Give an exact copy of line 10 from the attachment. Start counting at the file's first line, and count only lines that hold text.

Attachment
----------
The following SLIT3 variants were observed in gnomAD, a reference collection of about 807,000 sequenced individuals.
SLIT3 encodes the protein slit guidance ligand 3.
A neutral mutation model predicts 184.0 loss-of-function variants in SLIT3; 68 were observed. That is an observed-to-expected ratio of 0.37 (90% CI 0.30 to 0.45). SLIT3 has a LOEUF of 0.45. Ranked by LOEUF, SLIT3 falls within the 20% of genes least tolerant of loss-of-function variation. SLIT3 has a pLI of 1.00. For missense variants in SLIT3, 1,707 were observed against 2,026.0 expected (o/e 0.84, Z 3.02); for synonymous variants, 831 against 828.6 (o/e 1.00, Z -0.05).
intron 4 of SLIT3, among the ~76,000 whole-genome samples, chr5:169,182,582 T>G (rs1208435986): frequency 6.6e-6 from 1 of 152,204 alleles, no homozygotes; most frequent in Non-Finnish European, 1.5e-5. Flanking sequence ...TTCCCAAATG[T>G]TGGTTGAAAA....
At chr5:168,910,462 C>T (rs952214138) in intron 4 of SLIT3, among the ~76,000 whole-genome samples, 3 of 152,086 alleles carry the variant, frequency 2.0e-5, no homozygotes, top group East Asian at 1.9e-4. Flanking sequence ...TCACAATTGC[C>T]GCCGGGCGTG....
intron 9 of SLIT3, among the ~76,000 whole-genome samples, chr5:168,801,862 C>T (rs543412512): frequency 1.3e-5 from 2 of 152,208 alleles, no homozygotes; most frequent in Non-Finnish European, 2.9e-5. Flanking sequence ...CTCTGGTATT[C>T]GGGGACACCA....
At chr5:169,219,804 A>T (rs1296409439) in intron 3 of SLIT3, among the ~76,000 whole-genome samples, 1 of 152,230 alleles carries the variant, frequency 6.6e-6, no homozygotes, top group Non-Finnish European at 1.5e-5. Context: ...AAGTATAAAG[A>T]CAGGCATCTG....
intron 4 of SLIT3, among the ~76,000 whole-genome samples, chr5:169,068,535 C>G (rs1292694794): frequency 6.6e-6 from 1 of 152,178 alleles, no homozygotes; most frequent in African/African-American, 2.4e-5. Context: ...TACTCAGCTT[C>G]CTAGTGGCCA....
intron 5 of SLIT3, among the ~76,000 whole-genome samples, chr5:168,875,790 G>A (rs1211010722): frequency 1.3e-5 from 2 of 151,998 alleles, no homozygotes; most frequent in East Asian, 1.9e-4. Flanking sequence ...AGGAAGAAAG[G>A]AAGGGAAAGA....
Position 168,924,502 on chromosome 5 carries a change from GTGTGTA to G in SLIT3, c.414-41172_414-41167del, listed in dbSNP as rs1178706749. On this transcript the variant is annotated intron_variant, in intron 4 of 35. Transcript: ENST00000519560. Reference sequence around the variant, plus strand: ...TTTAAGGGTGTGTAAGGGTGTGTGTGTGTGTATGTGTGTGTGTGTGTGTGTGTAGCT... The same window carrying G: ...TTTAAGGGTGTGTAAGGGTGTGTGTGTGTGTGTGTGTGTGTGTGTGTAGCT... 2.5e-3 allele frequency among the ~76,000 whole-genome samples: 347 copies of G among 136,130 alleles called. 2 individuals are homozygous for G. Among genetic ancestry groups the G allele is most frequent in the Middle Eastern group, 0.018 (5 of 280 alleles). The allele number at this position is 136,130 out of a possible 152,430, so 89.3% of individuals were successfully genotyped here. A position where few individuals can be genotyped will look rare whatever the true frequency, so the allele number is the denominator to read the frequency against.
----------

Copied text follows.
Position 168,924,502 on chromosome 5 carries a change from GTGTGTA to G in SLIT3, c.414-41172_414-41167del, listed in dbSNP as rs1178706749. On this transcript the variant is annotated intron_variant, in intron 4 of 35. Transcript: ENST00000519560. Reference sequence around the variant, plus strand: ...TTTAAGGGTGTGTAAGGGTGTGTGTGTGTGTATGTGTGTGTGTGTGTGTGTGTAGCT... The same window carrying G: ...TTTAAGGGTGTGTAAGGGTGTGTGTGTGTGTGTGTGTGTGTGTGTGTAGCT... 2.5e-3 allele frequency among the ~76,000 whole-genome samples: 347 copies of G among 136,130 alleles called. 2 individuals are homozygous for G. Among genetic ancestry groups the G allele is most frequent in the Middle Eastern group, 0.018 (5 of 280 alleles). The allele number at this position is 136,130 out of a possible 152,430, so 89.3% of individuals were successfully genotyped here. A position where few individuals can be genotyped will look rare whatever the true frequency, so the allele number is the denominator to read the frequency against.